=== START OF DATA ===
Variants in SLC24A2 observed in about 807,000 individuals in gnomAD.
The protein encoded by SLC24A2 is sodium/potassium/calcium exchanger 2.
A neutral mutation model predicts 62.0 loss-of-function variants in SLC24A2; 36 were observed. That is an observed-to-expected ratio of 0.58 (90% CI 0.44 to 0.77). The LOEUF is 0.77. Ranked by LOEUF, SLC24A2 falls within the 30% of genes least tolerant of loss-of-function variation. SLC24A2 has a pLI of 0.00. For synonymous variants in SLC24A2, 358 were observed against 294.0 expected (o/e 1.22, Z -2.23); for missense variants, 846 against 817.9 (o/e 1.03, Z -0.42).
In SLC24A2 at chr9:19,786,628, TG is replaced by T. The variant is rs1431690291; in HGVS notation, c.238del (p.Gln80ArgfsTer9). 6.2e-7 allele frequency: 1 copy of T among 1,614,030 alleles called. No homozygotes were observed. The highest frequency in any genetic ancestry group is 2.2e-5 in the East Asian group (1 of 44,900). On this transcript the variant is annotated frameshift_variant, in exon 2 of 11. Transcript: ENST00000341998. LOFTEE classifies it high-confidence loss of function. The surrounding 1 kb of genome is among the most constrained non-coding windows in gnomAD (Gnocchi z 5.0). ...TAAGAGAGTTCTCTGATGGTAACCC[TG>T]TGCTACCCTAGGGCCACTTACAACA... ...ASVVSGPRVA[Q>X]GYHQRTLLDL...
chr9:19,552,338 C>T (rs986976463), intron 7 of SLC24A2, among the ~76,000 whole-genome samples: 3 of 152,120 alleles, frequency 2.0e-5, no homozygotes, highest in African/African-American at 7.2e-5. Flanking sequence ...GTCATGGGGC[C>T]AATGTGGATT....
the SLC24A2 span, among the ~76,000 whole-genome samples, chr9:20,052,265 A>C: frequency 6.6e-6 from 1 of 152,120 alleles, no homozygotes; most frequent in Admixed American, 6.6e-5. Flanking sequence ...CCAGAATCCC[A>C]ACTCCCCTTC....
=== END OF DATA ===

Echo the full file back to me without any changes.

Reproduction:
Variants in SLC24A2 observed in about 807,000 individuals in gnomAD.
The protein encoded by SLC24A2 is sodium/potassium/calcium exchanger 2.
A neutral mutation model predicts 62.0 loss-of-function variants in SLC24A2; 36 were observed. That is an observed-to-expected ratio of 0.58 (90% CI 0.44 to 0.77). The LOEUF is 0.77. Ranked by LOEUF, SLC24A2 falls within the 30% of genes least tolerant of loss-of-function variation. SLC24A2 has a pLI of 0.00. For synonymous variants in SLC24A2, 358 were observed against 294.0 expected (o/e 1.22, Z -2.23); for missense variants, 846 against 817.9 (o/e 1.03, Z -0.42).
In SLC24A2 at chr9:19,786,628, TG is replaced by T. The variant is rs1431690291; in HGVS notation, c.238del (p.Gln80ArgfsTer9). 6.2e-7 allele frequency: 1 copy of T among 1,614,030 alleles called. No homozygotes were observed. The highest frequency in any genetic ancestry group is 2.2e-5 in the East Asian group (1 of 44,900). On this transcript the variant is annotated frameshift_variant, in exon 2 of 11. Transcript: ENST00000341998. LOFTEE classifies it high-confidence loss of function. The surrounding 1 kb of genome is among the most constrained non-coding windows in gnomAD (Gnocchi z 5.0). ...TAAGAGAGTTCTCTGATGGTAACCC[TG>T]TGCTACCCTAGGGCCACTTACAACA... ...ASVVSGPRVA[Q>X]GYHQRTLLDL...
chr9:19,552,338 C>T (rs986976463), intron 7 of SLC24A2, among the ~76,000 whole-genome samples: 3 of 152,120 alleles, frequency 2.0e-5, no homozygotes, highest in African/African-American at 7.2e-5. Flanking sequence ...GTCATGGGGC[C>T]AATGTGGATT....
the SLC24A2 span, among the ~76,000 whole-genome samples, chr9:20,052,265 A>C: frequency 6.6e-6 from 1 of 152,120 alleles, no homozygotes; most frequent in Admixed American, 6.6e-5. Flanking sequence ...CCAGAATCCC[A>C]ACTCCCCTTC....